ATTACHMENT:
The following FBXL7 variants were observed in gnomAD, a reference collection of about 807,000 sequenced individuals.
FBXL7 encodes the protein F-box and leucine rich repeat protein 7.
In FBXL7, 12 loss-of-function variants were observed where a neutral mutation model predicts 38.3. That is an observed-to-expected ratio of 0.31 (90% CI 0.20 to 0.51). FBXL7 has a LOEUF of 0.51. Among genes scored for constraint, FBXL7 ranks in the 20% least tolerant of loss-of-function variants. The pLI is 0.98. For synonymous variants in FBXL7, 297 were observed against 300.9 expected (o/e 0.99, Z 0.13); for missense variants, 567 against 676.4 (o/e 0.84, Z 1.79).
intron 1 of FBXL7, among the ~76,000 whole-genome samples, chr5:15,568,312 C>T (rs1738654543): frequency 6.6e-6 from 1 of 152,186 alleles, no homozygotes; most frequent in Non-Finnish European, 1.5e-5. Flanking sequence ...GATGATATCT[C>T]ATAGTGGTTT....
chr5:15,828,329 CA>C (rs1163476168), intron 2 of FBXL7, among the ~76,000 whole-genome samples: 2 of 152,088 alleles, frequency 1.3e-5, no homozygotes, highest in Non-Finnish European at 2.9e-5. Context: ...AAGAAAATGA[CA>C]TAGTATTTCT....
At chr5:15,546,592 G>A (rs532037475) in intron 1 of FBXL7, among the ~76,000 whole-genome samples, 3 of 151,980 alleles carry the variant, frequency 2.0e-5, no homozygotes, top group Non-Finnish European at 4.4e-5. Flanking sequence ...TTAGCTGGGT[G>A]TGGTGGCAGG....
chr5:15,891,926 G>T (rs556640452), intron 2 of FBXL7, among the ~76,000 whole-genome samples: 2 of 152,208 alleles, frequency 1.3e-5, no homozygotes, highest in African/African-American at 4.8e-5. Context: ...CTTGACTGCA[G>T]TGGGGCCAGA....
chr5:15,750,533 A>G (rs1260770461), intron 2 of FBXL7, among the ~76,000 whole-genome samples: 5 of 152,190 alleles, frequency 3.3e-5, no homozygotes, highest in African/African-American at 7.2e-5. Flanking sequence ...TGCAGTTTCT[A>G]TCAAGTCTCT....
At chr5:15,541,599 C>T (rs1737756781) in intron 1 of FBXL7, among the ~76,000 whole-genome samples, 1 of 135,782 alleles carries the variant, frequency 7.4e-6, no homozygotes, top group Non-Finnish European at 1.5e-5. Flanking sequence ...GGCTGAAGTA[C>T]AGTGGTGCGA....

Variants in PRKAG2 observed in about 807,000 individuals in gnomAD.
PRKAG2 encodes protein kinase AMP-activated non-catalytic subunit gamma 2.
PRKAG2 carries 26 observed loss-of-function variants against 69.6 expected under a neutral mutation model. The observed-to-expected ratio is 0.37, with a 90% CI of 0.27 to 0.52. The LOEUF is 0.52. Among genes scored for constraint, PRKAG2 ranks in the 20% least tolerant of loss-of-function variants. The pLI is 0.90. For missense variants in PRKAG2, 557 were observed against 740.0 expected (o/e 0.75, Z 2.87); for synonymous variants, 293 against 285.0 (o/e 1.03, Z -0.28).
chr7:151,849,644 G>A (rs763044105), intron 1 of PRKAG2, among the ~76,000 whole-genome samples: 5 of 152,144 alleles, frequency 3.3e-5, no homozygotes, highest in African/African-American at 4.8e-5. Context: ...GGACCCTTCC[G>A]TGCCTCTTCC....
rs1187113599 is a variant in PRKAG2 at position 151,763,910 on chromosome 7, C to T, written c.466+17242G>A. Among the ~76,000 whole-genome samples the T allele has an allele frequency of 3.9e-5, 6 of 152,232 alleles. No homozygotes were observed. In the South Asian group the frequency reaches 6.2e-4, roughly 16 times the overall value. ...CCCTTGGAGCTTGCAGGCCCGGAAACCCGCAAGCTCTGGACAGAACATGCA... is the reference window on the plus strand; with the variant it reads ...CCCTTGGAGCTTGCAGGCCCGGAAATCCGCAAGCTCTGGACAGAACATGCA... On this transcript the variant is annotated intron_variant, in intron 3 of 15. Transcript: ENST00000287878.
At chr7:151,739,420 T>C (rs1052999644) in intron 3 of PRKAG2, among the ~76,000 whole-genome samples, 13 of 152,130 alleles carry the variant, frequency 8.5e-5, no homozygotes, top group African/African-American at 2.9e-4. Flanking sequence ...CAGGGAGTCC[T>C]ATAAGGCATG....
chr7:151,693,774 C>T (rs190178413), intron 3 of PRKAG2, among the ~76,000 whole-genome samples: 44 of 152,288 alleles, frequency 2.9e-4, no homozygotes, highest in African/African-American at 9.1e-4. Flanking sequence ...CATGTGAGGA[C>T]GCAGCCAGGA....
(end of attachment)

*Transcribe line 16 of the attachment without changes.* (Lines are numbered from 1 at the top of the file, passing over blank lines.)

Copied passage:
chr7:151,693,774 C>T (rs190178413), intron 3 of PRKAG2, among the ~76,000 whole-genome samples: 44 of 152,288 alleles, frequency 2.9e-4, no homozygotes, highest in African/African-American at 9.1e-4. Flanking sequence ...CATGTGAGGA[C>T]GCAGCCAGGA....